– Study the attributes of God and marvel at His unique awesomeness, greatness and perfection. Enjoying His bigness puts all things in perspective.
– Speak scripture to yourself and submit to the truth.
– Do not elevate education, riches, looks or peoples’ words – either positive or negative, above what Christ has done for you on the cross. He alone establishes the worth of His chosen, purely on the basis of what He has done. How dare we re-define that?
– Ask God to shed His light into the unfrequented, dark crannies of your heart; there could be some strongholds He could help you uncover. He is faithful and just to forgive when we cry out to Him in repentance.
– Seek Him to help you occupy yourself with ‘what God thinks’ instead of ‘what others would think’. He is ready to transform our thinking if only we would ask.

Finally, know that transformation is no ‘twirl of the wand’ magic. It is a slow process. With conviction and God’s empowerment, King Josiah invested many months of tireless work to cleanse Israel and usher in reforms. Thoughts hard-wired over years of brooding become second nature. When presented with similar situations, the mind spontaneously responds in set patterns once we’ve shaped it to do so. Hence change and re-wiring takes time. But progress is certain if you allow God to work in you as you constantly cling to scripture, making it your truth. Also, ask God for people with whom you can be vulnerable.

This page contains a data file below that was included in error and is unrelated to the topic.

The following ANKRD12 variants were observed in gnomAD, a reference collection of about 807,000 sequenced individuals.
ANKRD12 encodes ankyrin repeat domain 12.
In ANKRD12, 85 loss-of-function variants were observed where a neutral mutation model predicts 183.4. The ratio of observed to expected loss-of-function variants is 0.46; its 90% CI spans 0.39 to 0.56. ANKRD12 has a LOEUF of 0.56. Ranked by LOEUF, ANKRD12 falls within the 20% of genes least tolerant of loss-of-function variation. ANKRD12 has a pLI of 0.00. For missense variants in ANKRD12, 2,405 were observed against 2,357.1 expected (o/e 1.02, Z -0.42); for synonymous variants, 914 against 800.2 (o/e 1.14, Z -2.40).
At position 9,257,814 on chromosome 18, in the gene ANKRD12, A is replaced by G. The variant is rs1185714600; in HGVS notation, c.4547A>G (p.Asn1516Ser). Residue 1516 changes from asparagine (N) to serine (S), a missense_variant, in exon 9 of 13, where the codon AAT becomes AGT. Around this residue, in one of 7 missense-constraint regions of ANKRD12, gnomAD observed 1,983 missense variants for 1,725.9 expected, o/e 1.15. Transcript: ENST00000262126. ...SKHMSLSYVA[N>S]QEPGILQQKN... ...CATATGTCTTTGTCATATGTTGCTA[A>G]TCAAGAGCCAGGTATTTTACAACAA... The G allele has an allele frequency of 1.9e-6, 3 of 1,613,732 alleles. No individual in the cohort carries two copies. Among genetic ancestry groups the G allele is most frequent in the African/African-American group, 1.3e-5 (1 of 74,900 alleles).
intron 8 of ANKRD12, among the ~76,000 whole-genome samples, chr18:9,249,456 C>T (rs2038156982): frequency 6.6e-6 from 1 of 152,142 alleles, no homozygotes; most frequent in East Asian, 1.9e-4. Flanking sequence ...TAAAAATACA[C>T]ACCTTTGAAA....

May we grow more joyful and fearless as we fear God and let His Word govern our minds.

Deborah Joel is a Special Education Coordinator at an international school in Bangalore. She is married to Prabhu Dhanaraj. Both of them have served in various capacities in UESI.